The Beginner's guide to shore fishing
Part Four - Tips & Tricks

By Simon Day.

If you're using a fixed spool reel make sure the line is as close to the rod as possible before you cast. This simple tip will prevent 99% of casting problems on a fixed spool reel. See the following image…

Keep line next to rod before casting.

I see too many people fish at the same depth using the same piece of bait for hours on end. This only results in nothing being caught. Change bait often and experiment at different depths and locations until you find them

Garfish as a rough guide will be around 4ft to 10ft under the water. Mackerel and pollock as a rough guide will be half way up.

If you're float fishing what you need to do is setup the stopknot depth to around 10ft and see what happens. If nothing happens after 10 to 20 minutes raise or lower the depth until you find the fish.

My nickname is Simon '3 rods'. I cast one at maximum distance, one at half distance and the third just in the water. The one just in the water would often catch more than the other two combined!

All too often I see people chucking out their rigs as far as they can cast. Just as often I read articles where kids, beginners etc have caught lovely double figure beauties. These people aren't casting 200 yards... they can BARELY cast 40 yards! Don't assume the best place to fish is the maximum distance you can cast.

Real example: I went beach fishing with some friends at Oddicombe and one brought their son Andy with him. Andy hadn't done much fishing and hadn't used a multiplier reel before. He messed up the cast and had one of the biggest birds-nests I'd ever seen. The rig was barely in the water and we could still see the top of his rig on the beach.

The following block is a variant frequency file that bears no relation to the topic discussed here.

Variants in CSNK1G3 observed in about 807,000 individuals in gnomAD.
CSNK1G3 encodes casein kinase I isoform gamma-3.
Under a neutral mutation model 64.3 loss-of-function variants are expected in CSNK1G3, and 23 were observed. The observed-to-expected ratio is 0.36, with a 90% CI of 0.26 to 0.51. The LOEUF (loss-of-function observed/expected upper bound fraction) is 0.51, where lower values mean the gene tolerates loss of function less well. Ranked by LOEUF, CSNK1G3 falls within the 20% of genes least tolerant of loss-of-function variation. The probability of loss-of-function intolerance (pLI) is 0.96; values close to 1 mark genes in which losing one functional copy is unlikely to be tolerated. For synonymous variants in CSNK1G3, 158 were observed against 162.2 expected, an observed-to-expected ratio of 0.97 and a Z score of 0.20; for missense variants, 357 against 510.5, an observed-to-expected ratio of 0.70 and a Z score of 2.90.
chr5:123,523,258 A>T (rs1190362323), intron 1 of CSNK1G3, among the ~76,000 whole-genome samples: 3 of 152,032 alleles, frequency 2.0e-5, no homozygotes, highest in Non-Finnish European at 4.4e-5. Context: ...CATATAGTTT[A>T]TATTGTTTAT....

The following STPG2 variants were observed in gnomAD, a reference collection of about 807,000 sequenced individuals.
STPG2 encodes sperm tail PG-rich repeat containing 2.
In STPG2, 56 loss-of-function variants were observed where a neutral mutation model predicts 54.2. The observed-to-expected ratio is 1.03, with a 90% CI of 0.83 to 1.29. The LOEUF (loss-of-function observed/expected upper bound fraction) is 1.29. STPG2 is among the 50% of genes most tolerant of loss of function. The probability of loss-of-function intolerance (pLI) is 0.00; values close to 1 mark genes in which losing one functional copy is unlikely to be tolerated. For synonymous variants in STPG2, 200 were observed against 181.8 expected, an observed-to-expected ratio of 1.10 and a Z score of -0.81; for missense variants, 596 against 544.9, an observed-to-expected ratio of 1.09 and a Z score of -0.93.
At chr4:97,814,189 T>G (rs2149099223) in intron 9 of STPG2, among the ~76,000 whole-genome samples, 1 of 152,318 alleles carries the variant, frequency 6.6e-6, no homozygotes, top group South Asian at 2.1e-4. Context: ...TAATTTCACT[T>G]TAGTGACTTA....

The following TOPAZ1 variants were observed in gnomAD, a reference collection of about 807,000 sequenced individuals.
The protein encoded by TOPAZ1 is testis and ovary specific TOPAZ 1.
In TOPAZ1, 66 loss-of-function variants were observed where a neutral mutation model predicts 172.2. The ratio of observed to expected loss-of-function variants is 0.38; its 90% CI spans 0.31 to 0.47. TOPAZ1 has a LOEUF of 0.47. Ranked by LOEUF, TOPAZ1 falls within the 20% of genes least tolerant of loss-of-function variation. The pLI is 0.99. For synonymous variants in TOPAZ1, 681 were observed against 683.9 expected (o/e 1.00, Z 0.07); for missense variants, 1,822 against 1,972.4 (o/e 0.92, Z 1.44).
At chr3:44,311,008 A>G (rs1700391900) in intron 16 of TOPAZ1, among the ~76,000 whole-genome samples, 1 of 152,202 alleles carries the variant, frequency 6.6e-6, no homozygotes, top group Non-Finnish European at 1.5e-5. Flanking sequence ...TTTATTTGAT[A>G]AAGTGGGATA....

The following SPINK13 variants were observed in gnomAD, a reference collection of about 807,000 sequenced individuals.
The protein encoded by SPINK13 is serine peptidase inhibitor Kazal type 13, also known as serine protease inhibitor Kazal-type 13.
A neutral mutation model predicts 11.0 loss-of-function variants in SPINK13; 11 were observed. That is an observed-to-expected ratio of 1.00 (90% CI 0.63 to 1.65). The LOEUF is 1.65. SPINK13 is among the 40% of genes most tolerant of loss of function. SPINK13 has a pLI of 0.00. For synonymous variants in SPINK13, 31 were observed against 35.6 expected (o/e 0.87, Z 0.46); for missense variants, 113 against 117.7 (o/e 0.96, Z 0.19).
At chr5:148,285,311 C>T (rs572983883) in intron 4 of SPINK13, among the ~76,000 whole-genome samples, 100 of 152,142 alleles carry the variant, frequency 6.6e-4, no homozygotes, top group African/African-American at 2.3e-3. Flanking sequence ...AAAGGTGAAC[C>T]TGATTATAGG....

After 20 minutes untangling the birds-nest he reeled in and had this cracking Bass on his hook:

Bass caught on shoreline.

These beginners and children, even Andy, are not lucky, they are simply hitting the fish where they are feeding. Don't ever assume you have to cast 200 yards to get a fish. Quite often you can catch them barely 20-40 yards out (or even just a few yards in the water like Andy above)!

The highest and lowest tides through the year are on the day of a new moon +3 days and also on a full moon +3 days.

Take advantage of spring tides at low tide and go and look for troughs, dips, breaks in rocks etc. Low tides on a spring tide are excellent for scouting fishing areas. Meadfoot beach had a really low spring tide last year and I saw sandy areas in the rocks I never knew existed. I now aim for that spot when I'm fishing with great results!

If you're catching nothing but others are is your bait too big or small? Are they using a different bait? go ask them! This 10 second effort can result in lots of fish instead of none.

If you have multiple baits the I would suggest you set-up a pennel rig (two hooks, one above the other). On the top one put on, say, a piece of mackerel. On the bottom hook put on, say, rag or lug with a squid tip. You should be able to quickly see what bait the fish are interested in.

A friend called Tony told me he would go float fishing but removes the weight and sticks feathers on as the rig. He swears that he catches more when he does this!

Don't feather after dark, the fish can't see the feathers in darkness! I'm amazed at how many times I've seen people feathering in darkness.